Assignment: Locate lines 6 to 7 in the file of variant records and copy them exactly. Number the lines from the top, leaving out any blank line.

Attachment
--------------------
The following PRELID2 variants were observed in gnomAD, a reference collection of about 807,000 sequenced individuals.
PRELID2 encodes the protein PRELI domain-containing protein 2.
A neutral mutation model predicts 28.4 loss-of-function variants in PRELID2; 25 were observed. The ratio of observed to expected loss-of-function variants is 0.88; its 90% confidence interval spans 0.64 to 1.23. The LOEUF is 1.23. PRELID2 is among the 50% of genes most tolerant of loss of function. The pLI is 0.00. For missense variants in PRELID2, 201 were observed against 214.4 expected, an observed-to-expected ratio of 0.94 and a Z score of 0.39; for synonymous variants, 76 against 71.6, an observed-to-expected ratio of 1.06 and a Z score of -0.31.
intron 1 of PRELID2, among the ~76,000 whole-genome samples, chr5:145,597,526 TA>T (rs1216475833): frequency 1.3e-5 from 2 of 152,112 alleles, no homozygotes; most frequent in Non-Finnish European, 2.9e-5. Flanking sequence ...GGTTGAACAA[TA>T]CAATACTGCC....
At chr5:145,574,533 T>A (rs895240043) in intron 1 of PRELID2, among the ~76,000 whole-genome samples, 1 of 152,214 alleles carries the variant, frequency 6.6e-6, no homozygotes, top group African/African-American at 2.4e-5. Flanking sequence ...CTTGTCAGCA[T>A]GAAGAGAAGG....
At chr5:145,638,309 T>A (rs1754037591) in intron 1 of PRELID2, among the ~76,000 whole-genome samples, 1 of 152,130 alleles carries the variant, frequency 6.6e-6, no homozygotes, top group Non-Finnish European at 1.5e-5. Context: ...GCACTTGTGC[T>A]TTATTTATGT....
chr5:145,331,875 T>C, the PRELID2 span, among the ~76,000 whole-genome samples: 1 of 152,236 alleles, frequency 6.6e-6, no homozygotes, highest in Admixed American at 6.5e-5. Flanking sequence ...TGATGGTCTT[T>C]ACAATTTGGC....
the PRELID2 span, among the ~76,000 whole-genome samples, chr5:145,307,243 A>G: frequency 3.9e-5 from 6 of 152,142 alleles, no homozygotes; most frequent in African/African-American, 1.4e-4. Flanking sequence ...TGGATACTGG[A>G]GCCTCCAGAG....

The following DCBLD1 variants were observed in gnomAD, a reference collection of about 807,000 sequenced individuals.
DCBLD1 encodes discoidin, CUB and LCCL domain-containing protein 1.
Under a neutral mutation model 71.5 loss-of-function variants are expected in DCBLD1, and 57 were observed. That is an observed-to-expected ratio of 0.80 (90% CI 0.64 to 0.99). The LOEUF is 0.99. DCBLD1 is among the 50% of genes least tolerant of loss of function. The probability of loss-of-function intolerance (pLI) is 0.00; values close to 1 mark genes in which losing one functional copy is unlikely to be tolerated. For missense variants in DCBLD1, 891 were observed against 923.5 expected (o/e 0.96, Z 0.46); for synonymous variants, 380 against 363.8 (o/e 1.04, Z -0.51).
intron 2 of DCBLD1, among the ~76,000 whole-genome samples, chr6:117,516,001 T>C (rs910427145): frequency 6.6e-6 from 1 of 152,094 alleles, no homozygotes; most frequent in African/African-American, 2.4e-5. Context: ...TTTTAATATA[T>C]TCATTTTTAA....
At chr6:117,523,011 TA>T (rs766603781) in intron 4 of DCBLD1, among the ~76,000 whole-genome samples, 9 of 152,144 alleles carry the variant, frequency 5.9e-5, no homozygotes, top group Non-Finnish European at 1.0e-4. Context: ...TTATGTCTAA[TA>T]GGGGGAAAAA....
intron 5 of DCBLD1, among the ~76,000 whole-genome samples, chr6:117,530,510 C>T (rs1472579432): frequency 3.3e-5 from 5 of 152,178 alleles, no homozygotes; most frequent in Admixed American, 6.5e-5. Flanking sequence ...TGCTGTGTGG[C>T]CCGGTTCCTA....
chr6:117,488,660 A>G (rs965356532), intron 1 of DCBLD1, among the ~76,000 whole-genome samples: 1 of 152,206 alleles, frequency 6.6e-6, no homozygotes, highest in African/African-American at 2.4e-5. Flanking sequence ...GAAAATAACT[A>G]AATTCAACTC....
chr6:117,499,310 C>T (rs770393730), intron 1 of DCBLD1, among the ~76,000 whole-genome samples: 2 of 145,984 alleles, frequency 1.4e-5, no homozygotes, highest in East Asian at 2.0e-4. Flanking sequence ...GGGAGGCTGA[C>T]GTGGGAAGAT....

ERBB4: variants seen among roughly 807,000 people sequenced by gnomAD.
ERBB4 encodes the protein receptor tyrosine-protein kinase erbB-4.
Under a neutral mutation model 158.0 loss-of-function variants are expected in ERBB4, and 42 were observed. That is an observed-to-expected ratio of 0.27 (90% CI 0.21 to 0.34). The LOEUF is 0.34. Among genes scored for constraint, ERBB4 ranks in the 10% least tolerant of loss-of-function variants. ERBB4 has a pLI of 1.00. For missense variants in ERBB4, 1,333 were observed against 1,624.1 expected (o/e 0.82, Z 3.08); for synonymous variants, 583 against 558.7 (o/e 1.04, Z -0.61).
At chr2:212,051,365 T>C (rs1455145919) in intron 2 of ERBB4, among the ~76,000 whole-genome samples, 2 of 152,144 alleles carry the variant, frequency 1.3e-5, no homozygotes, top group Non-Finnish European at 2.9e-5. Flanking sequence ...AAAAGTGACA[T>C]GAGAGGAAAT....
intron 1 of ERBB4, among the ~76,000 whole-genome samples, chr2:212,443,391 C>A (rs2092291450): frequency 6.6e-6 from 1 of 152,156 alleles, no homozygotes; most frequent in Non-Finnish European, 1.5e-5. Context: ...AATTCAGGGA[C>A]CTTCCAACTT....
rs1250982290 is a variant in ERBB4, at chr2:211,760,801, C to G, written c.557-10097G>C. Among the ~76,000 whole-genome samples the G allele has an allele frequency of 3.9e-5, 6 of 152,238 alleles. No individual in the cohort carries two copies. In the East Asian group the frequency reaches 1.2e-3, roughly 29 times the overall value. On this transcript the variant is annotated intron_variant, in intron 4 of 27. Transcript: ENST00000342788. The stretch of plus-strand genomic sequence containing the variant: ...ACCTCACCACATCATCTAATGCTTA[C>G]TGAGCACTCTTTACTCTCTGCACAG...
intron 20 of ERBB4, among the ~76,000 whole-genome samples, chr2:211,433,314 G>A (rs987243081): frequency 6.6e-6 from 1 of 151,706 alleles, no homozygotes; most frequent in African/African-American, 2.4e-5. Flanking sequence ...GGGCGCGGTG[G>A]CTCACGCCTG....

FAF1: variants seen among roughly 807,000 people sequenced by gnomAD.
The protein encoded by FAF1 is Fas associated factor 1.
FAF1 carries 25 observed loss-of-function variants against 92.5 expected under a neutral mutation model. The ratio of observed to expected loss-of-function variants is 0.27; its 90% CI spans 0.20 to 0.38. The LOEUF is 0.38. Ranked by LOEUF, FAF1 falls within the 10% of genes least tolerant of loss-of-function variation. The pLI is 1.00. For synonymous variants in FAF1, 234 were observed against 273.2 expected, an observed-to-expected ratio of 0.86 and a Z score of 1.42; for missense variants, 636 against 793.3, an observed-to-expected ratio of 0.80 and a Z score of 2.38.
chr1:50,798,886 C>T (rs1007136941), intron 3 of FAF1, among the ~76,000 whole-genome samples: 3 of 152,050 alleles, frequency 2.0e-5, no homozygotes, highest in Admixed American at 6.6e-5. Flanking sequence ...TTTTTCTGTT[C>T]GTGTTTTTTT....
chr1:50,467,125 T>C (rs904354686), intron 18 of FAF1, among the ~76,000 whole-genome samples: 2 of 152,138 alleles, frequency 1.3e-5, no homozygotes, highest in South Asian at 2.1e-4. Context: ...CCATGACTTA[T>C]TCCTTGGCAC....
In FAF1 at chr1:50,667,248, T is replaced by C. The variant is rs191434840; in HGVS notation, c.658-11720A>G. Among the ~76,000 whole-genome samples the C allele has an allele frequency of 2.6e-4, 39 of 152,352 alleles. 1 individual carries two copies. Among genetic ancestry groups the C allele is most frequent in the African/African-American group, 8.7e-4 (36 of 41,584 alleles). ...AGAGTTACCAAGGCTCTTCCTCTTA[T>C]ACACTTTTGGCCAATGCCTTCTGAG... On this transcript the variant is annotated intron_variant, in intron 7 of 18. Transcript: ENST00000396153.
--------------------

At chr5:145,638,309 T>A (rs1754037591) in intron 1 of PRELID2, among the ~76,000 whole-genome samples, 1 of 152,130 alleles carries the variant, frequency 6.6e-6, no homozygotes, top group Non-Finnish European at 1.5e-5. Context: ...GCACTTGTGC[T>A]TTATTTATGT....
chr5:145,331,875 T>C, the PRELID2 span, among the ~76,000 whole-genome samples: 1 of 152,236 alleles, frequency 6.6e-6, no homozygotes, highest in Admixed American at 6.5e-5. Flanking sequence ...TGATGGTCTT[T>C]ACAATTTGGC....